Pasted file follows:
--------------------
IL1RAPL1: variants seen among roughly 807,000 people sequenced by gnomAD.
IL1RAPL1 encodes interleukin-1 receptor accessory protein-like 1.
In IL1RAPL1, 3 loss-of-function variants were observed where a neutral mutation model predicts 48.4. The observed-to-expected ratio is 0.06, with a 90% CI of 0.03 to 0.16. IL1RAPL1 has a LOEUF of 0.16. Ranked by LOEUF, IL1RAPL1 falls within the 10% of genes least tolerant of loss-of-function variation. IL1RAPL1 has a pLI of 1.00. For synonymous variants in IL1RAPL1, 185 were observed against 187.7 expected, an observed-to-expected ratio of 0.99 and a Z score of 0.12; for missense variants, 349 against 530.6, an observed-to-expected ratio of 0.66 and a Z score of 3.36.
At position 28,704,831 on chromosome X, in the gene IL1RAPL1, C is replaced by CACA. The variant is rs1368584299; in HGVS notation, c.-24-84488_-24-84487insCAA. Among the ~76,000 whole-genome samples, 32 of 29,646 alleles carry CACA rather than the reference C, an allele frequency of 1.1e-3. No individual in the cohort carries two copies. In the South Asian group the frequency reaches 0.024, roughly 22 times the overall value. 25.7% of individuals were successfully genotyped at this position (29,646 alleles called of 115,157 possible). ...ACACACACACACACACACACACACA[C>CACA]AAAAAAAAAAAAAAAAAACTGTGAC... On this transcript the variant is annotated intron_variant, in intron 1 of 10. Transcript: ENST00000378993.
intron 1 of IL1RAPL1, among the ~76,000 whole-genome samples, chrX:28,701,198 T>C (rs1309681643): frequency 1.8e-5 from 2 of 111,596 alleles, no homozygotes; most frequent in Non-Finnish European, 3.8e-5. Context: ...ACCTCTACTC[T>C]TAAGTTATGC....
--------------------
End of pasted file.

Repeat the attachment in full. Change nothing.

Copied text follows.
IL1RAPL1: variants seen among roughly 807,000 people sequenced by gnomAD.
IL1RAPL1 encodes interleukin-1 receptor accessory protein-like 1.
In IL1RAPL1, 3 loss-of-function variants were observed where a neutral mutation model predicts 48.4. The observed-to-expected ratio is 0.06, with a 90% CI of 0.03 to 0.16. IL1RAPL1 has a LOEUF of 0.16. Ranked by LOEUF, IL1RAPL1 falls within the 10% of genes least tolerant of loss-of-function variation. IL1RAPL1 has a pLI of 1.00. For synonymous variants in IL1RAPL1, 185 were observed against 187.7 expected, an observed-to-expected ratio of 0.99 and a Z score of 0.12; for missense variants, 349 against 530.6, an observed-to-expected ratio of 0.66 and a Z score of 3.36.
At position 28,704,831 on chromosome X, in the gene IL1RAPL1, C is replaced by CACA. The variant is rs1368584299; in HGVS notation, c.-24-84488_-24-84487insCAA. Among the ~76,000 whole-genome samples, 32 of 29,646 alleles carry CACA rather than the reference C, an allele frequency of 1.1e-3. No individual in the cohort carries two copies. In the South Asian group the frequency reaches 0.024, roughly 22 times the overall value. 25.7% of individuals were successfully genotyped at this position (29,646 alleles called of 115,157 possible). ...ACACACACACACACACACACACACA[C>CACA]AAAAAAAAAAAAAAAAAACTGTGAC... On this transcript the variant is annotated intron_variant, in intron 1 of 10. Transcript: ENST00000378993.
intron 1 of IL1RAPL1, among the ~76,000 whole-genome samples, chrX:28,701,198 T>C (rs1309681643): frequency 1.8e-5 from 2 of 111,596 alleles, no homozygotes; most frequent in Non-Finnish European, 3.8e-5. Context: ...ACCTCTACTC[T>C]TAAGTTATGC....